What are Social Engineering Attacks?
Social Engineering is an act of manipulating people to expose confidential or sensitive information.
This can be done by telephone, email, or face-to-face contact. It is the oldest method for gathering information and is still commonly used today.
Social engineering is often used with spam and phishing since it makes the manipulating process more trustworthy.
Types of Social Engineering Attacks:
1. Phishing: Phishing is a type of social engineering where an attacker sends a fraudulent message designed to trick a person into revealing sensitive information to the attacker or to deploy malicious software on the victim’s infrastructure like ransomware. A good e-mail Gateway like Avanan can stop this attack.
The “carefully crafted, custom-made” emails look like they come from legitimate companies, informing employees that an account has been compromised or needs to update their information. Instead, victims are taken to a fraudulent website, an attack site where their details are collected once they click on the link.
2. Vishing: Vishing is short for voice phishing, which is phone phishing using the VoIP system. The attack vector for this type of social engineering is the same as phishing, but it’s done over the phone here. An attacker makes a spoofed VoIP call to the target and presents himself as an organization the victim would trust. Never open those.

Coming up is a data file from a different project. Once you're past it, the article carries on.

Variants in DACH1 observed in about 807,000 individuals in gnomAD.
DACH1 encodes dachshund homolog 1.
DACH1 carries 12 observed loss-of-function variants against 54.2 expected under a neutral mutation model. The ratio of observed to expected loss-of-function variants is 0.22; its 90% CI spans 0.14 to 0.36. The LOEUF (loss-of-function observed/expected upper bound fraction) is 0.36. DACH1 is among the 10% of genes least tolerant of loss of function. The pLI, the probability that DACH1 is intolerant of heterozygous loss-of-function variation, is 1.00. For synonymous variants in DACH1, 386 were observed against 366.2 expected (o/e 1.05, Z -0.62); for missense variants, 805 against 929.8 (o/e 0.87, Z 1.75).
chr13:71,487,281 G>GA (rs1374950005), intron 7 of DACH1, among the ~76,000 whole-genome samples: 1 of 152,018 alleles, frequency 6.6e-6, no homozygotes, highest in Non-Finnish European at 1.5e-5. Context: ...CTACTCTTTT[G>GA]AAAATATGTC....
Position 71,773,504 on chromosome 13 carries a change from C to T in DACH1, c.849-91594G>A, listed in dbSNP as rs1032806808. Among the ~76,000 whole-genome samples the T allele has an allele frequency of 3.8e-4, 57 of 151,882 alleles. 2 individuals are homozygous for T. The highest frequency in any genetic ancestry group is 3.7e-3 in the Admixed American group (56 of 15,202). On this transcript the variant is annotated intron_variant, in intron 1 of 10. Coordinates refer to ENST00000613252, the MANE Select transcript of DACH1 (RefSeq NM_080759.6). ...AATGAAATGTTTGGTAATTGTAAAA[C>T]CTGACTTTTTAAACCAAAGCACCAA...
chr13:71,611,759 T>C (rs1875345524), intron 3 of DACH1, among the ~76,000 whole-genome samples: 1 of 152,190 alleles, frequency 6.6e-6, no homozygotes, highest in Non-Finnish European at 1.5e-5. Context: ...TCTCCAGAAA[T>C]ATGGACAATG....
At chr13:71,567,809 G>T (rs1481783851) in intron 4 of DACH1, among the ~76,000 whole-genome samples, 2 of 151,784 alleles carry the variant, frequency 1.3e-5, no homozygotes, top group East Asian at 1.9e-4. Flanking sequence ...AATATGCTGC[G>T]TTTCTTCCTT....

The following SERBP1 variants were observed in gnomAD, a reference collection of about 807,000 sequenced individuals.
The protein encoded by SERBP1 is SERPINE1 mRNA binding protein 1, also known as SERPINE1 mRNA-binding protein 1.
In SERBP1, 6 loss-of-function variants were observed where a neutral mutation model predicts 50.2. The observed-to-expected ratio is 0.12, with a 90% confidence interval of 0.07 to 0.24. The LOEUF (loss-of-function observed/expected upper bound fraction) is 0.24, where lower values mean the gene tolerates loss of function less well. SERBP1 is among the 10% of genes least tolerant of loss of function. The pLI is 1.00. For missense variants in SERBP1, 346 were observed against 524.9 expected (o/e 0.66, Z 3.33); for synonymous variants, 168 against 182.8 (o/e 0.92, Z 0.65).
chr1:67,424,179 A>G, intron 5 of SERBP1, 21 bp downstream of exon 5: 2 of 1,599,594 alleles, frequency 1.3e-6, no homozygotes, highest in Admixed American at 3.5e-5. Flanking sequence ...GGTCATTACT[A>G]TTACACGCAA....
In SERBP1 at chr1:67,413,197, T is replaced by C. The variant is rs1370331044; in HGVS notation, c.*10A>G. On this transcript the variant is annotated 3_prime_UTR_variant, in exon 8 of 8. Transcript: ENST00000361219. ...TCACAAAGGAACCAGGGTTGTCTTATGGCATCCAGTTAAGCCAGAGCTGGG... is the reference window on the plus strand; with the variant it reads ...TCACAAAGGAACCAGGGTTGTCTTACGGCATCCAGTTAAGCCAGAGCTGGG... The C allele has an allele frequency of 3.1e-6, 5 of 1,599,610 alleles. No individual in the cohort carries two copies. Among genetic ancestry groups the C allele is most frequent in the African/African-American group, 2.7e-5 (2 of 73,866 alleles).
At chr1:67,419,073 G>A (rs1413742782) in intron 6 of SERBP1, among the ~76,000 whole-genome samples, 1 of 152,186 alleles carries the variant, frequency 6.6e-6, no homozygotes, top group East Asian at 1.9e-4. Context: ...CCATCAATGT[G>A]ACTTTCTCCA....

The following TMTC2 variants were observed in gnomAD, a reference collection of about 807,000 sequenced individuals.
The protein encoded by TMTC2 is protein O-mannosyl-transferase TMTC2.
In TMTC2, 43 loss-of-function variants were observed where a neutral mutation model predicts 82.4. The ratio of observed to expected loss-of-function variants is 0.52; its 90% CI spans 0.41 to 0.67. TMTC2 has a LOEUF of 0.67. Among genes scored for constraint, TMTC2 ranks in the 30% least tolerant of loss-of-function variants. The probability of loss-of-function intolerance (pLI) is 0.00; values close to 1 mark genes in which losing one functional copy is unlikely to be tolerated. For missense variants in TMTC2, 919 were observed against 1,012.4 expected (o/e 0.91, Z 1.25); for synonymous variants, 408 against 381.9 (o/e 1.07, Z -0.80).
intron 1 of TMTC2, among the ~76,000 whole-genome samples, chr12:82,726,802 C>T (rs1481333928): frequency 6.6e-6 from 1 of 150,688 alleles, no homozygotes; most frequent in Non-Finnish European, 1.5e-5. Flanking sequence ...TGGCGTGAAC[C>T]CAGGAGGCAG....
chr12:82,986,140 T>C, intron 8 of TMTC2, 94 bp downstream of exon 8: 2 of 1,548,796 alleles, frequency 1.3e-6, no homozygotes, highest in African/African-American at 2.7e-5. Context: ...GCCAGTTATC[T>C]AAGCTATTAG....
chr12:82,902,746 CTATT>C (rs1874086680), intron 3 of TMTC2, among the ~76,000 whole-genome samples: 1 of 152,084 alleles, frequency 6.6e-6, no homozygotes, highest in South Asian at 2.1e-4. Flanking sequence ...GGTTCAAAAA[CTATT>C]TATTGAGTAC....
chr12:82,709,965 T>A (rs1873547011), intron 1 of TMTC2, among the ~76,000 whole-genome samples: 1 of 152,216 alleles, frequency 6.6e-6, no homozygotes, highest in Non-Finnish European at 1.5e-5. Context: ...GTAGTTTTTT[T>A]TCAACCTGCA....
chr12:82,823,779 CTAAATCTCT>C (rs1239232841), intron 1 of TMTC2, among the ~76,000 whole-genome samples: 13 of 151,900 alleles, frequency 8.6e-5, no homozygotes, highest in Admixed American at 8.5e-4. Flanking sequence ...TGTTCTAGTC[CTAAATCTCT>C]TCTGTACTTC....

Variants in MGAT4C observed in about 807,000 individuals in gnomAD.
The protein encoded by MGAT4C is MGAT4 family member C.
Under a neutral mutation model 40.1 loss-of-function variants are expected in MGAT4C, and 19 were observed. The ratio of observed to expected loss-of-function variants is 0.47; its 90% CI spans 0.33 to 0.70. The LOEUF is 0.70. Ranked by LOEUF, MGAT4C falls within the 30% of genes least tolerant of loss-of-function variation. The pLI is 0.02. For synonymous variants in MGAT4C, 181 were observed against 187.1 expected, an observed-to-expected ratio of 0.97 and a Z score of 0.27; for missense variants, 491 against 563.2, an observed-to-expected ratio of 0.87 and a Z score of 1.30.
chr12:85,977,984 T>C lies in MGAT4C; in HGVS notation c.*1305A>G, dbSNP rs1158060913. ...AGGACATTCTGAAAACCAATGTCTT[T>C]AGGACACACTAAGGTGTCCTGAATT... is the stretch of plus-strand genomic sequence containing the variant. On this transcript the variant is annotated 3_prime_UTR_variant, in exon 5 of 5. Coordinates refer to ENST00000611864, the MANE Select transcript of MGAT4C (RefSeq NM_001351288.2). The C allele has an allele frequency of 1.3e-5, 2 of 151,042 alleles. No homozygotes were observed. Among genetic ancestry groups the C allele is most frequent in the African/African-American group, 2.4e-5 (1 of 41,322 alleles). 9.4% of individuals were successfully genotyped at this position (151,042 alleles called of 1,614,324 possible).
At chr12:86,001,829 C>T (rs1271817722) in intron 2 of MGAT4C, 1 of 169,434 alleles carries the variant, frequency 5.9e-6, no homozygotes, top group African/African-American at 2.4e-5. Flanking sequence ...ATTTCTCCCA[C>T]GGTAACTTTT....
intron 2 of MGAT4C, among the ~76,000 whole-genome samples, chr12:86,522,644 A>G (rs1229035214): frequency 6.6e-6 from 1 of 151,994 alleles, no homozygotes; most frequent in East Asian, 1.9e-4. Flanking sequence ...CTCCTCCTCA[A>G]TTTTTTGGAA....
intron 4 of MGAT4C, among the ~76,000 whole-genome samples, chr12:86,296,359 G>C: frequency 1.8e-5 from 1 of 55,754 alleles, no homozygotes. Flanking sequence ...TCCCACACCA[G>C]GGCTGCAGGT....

3. Spear Phishing: is a type of phishing campaign that targets a specific person or group and often will include information known to be of interest to the target, such as current events or financial documents.
4. Credential Dumping: Credential dumping is when attackers gather login information or database credentials from compromised systems, servers, or websites. The attackers can then use this information to access other, potentially more secure systems. Use an endpoint management software like BigFix against this type.
5. Baiting: When attackers leave USB thumb drives or CDs containing malicious software in an area where they know employees will be near the office printer. They hope someone will take one of these devices home and plug it into their computer, which can be compromised.
6. Smishing: Smishing is a combination of phishing and SMS messaging, sending texts with links to users, tricking them into clicking on the links, and giving up their personal information because they think it comes from someone trustworthy — like a bank or service provider.
7. Spear Phishing via Social Networks: This type of phishing uses social networking services to spread malware, steal users’ personal information and gain access to their accounts. Attackers will often try to get people from the same organization or network group to add them as friends, increasing their trustworthiness.
8. Water holing: In this type of attack, a malicious hacker will open a place or device, so other attackers can come along and take advantage of it. For example, a malicious hacker could leave a computer with security weaknesses open to the public, hoping another hacker will exploit those vulnerabilities.